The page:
Libraries are now a hot media topic, and the Wirral inquiry offers hope for a turnaround, Miranda McKearney writes As money gets tighter, the value of libraries as sources of free reading and information becomes more apparent. Last week's article in the Guardian by John Harris picked up on the effect of the recession. Hard proof won t be available until the 2008-9 CIPFA figures are published, but at The Reading Agency we re already picking up loads of anecdotal evidence that the recession is sending more people into libraries. Some are visiting for business or job information (if they ve been made redundant, for instance) and some are coming in for free books. Since research points to book borrowing and buying as complementary activities, it has to be good news for the book trade as well as for libraries that people are finding a way to keep reading through the credit crunch.
The best library authorities are seizing the moment to remind people of what they offer. Ciara Eastell, formerly of The Reading Agency and now Head of Libraries in Devon, can point to data showing increased use this year, thanks in part to recession-related promotions such as Buy None Get Eight Free . Lots of other library services have similar evidence.
Many of these extra visits are from lapsed users. To adults who haven t visited since childhood, finding resources such as a rich variety of reading activities and computers with fast internet access can be a welcome surprise.
Lots of libraries use our reading promotions - the Six Book Challenge and the Summer Reading Challenge, for examples. These are designed to encourage repeat visits. We are also busy on new projects to support libraries reading groups, which help people feel committed to their local libraries.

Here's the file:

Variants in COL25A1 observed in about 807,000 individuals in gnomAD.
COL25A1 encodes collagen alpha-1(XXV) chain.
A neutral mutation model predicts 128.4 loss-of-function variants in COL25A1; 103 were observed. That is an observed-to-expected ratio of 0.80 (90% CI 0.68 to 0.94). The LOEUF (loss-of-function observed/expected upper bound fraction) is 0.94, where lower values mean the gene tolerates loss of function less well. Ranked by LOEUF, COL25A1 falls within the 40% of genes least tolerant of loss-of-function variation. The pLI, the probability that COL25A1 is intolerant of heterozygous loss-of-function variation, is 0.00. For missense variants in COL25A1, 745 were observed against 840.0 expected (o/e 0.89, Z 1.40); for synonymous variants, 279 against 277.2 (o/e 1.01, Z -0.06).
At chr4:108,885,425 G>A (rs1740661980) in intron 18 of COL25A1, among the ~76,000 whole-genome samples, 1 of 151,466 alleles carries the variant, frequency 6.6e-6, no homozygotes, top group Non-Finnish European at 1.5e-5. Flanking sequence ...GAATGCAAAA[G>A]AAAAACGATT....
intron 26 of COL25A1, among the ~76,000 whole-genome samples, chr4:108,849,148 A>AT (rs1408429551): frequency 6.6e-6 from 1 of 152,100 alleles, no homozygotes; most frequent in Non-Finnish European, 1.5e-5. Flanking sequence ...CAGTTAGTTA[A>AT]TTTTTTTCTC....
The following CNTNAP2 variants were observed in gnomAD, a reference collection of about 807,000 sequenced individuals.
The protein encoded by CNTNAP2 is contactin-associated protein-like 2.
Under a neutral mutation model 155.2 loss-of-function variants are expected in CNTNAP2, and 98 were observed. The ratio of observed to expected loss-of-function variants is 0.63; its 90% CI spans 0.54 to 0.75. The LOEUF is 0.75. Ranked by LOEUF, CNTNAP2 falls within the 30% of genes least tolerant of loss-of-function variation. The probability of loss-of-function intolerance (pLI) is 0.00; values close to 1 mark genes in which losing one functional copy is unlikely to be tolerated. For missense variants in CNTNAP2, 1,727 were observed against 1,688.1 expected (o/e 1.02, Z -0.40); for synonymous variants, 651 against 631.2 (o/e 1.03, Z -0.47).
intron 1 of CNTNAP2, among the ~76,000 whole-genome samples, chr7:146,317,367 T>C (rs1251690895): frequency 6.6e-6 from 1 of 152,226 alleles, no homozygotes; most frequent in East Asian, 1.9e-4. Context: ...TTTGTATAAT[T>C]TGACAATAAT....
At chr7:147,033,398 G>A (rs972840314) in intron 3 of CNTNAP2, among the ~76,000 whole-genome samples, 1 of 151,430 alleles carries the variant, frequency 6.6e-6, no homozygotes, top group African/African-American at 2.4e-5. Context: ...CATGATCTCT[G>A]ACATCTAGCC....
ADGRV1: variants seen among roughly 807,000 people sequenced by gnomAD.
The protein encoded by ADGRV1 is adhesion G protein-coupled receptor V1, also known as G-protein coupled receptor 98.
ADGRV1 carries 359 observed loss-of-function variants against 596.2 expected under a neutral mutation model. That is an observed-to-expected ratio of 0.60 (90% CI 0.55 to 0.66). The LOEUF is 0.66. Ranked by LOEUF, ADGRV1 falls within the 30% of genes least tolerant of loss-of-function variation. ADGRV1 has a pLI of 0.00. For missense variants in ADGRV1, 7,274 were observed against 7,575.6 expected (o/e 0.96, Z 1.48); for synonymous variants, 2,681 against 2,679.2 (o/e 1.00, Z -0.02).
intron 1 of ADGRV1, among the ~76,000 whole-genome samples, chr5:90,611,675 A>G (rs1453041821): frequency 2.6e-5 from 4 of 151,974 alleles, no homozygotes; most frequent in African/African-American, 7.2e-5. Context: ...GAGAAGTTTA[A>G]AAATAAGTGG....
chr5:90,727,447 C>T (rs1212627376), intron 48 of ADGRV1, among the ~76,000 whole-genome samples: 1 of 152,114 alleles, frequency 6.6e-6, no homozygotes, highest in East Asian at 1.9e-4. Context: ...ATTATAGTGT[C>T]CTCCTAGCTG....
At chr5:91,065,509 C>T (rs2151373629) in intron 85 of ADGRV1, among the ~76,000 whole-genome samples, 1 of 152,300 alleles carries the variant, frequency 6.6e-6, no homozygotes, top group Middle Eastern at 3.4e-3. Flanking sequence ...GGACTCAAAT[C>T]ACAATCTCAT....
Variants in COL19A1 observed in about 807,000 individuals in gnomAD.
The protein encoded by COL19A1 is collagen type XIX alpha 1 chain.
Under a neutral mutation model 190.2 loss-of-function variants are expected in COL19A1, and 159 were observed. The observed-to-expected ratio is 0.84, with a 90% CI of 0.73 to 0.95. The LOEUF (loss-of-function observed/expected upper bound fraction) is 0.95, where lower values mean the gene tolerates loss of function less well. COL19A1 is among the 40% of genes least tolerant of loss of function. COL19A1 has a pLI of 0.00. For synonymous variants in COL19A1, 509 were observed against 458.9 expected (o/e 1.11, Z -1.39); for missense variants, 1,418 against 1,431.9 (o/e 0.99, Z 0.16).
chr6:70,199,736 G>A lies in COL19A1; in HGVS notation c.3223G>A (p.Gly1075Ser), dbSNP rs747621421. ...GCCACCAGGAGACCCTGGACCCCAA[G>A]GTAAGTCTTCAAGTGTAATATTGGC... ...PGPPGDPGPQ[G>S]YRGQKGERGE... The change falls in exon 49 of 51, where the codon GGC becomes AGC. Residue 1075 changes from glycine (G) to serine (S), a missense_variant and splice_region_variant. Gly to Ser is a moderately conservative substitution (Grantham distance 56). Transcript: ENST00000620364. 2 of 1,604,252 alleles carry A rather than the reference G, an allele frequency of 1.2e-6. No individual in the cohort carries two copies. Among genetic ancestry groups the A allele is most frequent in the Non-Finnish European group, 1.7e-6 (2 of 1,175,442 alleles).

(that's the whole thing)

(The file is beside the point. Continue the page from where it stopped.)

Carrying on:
This combination of local marketing and national promotions is a powerful marketing approach. When the whole network agrees to works together as happened during the National Year of Reading the results can be startling. The NYR's national membership campaign brought in 2.3 million new library members, and individual local authorities agreed to a shared 'one proof of address' approach to previously varied joining requirements. We re looking at what it would take to mount a follow-on campaign.
But libraries will have nothing to shout about unless they get proper investment, during and beyond the recession. With tighter budgets, local authorities may see the recession as an excuse to reduce their investment in libraries. A wave of closures has already been announced, the most serious in Wirral. Thrillingly, late last week, the Government seemed to come to its senses, and decided to invoke the Secretary of State's powers under the 1964 Public Libraries and Museums Act to run a local inquiry to test whether the Council's plans are consistent with their statutory duty to provide all residents with a comprehensive public library service.
I remember the shock waves when a similar inquiry was launched in Derbyshire in 1991, and the huge turnaround in the library service since then. It's now thriving. Let's keep fighting!
Miranda McKearney is Director at The Reading Agency.